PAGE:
Saturday, August 31, 2013

2013.08.30 DJIA Cycle Chart

















Historical price cycles for the DJIA have converged so that there is an unusual steep decline predicted to last until early 2014, with a target price level of 7700 +/-. The major caveat is that the Fed may continue its unprecedented policy of constructing a mirage of liquidity in the desert of insolvency. Hence, the best way to interpret this chart is that there are extremely strong historical factors pointing to a large drop in the DJIA. Whether or not it comes to pass in this time frame depends on whether the historical cycles resume on time, or whether the Fed can continue to put off the day of reckoning, with a historically low ratio of assets backing the liquidity which it has, supposedly, temporarily created via its bond buys.

4 comments:

beetlejuice said...

Paolo, the Fed may be de-railed by conflict with Syria and just maybe they have underestimated, or as George Jr would say, misunderestimated, their target.

Your model may very well yet prove valid.


Cheers

Paolo said...

You might very well be right, beetlejuice. Most of the recent conflicts entered into by the US seem to have occurred in the Fall. Hence, the model may be capturing some of that historical information. What I find interesting is that back in April the bond market in US securities seems to have already alerted the Fed that it does not believe the Fed can continue asset buying without a realistic exit plan.

beetlejuice said...

Mate I am convinced that at some point, just as a star grows too large and implodes, that the Fed balance sheet will begin to pull down the whole monetary system,ie. fall in on itself.
In fact that point, may have been reached as you point out above.

Paolo said...

Indeed, like that nice red one, Betelgeuse. QE is nothing new for the Fed, as it engaged in a similar program of bond buys during WWII. However, they were reversed in the next few years, and since there was only one manufacturing game left in town, it was easier to reverse. Another key difference, I think, was that the bond markets also knew that monetization was not an option because of the pesky gold standard.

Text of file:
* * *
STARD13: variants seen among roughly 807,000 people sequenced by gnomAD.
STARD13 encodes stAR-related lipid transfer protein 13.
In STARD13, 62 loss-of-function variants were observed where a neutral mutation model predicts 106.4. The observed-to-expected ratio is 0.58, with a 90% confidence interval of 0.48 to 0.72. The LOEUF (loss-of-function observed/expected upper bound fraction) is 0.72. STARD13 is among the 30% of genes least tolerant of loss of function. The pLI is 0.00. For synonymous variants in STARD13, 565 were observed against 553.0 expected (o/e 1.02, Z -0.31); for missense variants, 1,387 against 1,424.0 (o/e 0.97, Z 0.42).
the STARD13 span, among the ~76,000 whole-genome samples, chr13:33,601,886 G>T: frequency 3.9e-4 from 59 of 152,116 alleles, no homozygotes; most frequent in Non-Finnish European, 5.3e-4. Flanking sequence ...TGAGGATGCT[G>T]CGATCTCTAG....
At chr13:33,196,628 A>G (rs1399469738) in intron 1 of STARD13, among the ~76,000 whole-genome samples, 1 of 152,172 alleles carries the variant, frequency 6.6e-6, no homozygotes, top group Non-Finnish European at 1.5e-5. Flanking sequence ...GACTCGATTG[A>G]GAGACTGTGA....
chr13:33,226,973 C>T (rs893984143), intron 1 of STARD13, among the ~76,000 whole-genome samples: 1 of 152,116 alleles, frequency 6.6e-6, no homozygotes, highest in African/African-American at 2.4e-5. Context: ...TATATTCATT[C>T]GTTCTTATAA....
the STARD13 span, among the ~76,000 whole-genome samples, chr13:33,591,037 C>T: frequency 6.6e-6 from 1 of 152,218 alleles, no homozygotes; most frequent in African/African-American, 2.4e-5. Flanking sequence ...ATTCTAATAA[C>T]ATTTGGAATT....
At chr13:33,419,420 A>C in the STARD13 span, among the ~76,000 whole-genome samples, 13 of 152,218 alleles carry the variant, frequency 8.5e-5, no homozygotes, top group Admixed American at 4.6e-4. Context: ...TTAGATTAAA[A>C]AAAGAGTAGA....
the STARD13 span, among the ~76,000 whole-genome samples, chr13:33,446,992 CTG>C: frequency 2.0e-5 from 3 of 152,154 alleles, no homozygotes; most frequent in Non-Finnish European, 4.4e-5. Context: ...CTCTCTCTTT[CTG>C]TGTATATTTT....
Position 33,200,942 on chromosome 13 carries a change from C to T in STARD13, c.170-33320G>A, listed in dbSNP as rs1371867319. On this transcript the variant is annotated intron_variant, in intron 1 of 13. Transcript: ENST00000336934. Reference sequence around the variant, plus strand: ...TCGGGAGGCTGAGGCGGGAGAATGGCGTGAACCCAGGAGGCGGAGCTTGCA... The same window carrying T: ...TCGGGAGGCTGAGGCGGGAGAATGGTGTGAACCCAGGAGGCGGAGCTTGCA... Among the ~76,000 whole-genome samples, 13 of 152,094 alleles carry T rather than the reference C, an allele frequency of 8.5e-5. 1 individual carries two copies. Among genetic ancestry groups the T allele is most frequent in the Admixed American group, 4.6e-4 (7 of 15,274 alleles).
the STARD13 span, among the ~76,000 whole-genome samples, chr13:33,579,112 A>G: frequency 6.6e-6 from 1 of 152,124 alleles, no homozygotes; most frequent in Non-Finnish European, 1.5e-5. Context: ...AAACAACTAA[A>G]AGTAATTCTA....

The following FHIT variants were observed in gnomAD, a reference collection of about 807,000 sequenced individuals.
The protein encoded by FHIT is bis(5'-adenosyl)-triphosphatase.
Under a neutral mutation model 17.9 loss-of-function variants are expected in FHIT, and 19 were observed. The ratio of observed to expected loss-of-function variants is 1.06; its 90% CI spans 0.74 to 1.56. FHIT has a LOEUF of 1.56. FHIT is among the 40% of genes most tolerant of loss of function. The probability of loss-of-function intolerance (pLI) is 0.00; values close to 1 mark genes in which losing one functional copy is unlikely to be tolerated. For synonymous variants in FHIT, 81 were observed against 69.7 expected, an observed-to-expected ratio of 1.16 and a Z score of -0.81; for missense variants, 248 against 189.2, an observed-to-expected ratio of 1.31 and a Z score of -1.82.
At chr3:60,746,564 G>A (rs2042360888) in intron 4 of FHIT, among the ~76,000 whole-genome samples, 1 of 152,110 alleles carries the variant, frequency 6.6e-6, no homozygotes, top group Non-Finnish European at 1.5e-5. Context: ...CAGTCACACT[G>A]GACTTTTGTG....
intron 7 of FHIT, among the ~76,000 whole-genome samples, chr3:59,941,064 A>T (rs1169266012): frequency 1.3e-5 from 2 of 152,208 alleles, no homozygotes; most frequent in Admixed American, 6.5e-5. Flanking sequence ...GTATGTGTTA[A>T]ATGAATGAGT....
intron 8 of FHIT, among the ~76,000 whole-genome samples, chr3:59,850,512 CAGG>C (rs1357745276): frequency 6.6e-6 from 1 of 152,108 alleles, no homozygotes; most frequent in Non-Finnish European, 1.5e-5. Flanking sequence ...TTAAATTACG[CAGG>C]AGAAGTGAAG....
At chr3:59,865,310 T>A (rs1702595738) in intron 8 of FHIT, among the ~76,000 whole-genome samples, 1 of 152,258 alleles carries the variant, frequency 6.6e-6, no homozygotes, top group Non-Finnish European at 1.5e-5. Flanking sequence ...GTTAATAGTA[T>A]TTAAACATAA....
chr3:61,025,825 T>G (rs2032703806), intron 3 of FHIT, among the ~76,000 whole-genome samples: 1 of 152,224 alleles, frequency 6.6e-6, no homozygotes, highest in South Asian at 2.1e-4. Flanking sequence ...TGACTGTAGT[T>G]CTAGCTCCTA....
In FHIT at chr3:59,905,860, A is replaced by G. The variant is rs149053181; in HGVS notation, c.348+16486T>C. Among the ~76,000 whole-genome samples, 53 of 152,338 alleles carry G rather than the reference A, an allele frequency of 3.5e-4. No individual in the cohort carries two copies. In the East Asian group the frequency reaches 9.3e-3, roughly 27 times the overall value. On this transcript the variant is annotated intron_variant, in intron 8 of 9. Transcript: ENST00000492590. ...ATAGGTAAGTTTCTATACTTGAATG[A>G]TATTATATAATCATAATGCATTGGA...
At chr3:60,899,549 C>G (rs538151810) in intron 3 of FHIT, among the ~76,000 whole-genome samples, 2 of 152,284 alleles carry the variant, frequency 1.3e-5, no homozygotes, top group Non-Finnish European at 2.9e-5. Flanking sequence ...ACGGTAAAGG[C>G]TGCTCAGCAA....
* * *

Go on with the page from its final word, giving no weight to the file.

Mr. Lawrence Summers was a key architect of the repeal of the Banking Act of 1933, amended in 1935, also known as the Glass-Steagall Act. The firewall between investment and commerical banking stood the test of time until Mr. Summers, Mr. Robert Rubin, and Mr. Alan Greenspan convinced a financially clueless president that its repeal would further enhance the creativity of the markets to seek out new funding in previously unknown places. The implosion of 2008 was a direct result of this repeal, and Ms. Brooksley Born, the head of the CFTC at the time, who warned of the possible dire consequences, was summarily dismissed by Mr. Summers. One of the more depressing things in US politics is that Mr. Summers, who also almost bankrupted Harvard University as a result of misguided swaps bets, is now being considered to head the Fed. The total capture of both the US Fed and the US Treasury, along with the US government organizations charged with financial regulation by the financial industries explains this anomaly. Normally, Mr. Summers would have been forced to exit public service, so-called. Putting him in charge of the Fed is like putting a firebug in charge of the Fire Department! I don't usually vent too much spleen on this blog, but once in a while it feels good.